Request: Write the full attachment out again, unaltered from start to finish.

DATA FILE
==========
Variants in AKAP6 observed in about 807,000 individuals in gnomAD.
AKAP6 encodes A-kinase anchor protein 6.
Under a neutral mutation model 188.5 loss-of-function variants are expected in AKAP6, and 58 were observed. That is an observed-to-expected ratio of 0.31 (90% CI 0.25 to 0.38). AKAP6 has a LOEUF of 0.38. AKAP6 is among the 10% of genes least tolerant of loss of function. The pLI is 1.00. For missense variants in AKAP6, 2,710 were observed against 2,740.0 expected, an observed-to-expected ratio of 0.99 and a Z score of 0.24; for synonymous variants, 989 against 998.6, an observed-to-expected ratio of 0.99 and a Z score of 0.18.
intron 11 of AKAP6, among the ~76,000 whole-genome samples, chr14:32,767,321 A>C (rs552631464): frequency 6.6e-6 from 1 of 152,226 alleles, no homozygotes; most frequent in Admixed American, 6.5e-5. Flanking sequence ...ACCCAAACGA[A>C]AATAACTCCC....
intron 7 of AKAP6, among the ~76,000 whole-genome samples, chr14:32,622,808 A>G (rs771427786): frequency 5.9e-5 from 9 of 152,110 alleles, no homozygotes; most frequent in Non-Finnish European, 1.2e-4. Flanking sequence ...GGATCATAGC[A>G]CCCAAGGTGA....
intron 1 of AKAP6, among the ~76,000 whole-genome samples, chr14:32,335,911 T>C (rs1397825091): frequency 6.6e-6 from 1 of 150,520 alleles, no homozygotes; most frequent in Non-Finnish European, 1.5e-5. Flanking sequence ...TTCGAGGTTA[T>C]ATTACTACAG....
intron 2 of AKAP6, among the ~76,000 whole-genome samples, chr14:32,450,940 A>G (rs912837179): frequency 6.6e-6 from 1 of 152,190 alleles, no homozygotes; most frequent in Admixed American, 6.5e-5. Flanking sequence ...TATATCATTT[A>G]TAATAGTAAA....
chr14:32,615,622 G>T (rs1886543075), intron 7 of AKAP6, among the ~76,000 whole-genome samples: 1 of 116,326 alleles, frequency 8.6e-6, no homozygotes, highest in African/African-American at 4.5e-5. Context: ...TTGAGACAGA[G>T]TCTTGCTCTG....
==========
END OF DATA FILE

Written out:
Variants in AKAP6 observed in about 807,000 individuals in gnomAD.
AKAP6 encodes A-kinase anchor protein 6.
Under a neutral mutation model 188.5 loss-of-function variants are expected in AKAP6, and 58 were observed. That is an observed-to-expected ratio of 0.31 (90% CI 0.25 to 0.38). AKAP6 has a LOEUF of 0.38. AKAP6 is among the 10% of genes least tolerant of loss of function. The pLI is 1.00. For missense variants in AKAP6, 2,710 were observed against 2,740.0 expected, an observed-to-expected ratio of 0.99 and a Z score of 0.24; for synonymous variants, 989 against 998.6, an observed-to-expected ratio of 0.99 and a Z score of 0.18.
intron 11 of AKAP6, among the ~76,000 whole-genome samples, chr14:32,767,321 A>C (rs552631464): frequency 6.6e-6 from 1 of 152,226 alleles, no homozygotes; most frequent in Admixed American, 6.5e-5. Flanking sequence ...ACCCAAACGA[A>C]AATAACTCCC....
intron 7 of AKAP6, among the ~76,000 whole-genome samples, chr14:32,622,808 A>G (rs771427786): frequency 5.9e-5 from 9 of 152,110 alleles, no homozygotes; most frequent in Non-Finnish European, 1.2e-4. Flanking sequence ...GGATCATAGC[A>G]CCCAAGGTGA....
intron 1 of AKAP6, among the ~76,000 whole-genome samples, chr14:32,335,911 T>C (rs1397825091): frequency 6.6e-6 from 1 of 150,520 alleles, no homozygotes; most frequent in Non-Finnish European, 1.5e-5. Flanking sequence ...TTCGAGGTTA[T>C]ATTACTACAG....
intron 2 of AKAP6, among the ~76,000 whole-genome samples, chr14:32,450,940 A>G (rs912837179): frequency 6.6e-6 from 1 of 152,190 alleles, no homozygotes; most frequent in Admixed American, 6.5e-5. Flanking sequence ...TATATCATTT[A>G]TAATAGTAAA....
chr14:32,615,622 G>T (rs1886543075), intron 7 of AKAP6, among the ~76,000 whole-genome samples: 1 of 116,326 alleles, frequency 8.6e-6, no homozygotes, highest in African/African-American at 4.5e-5. Context: ...TTGAGACAGA[G>T]TCTTGCTCTG....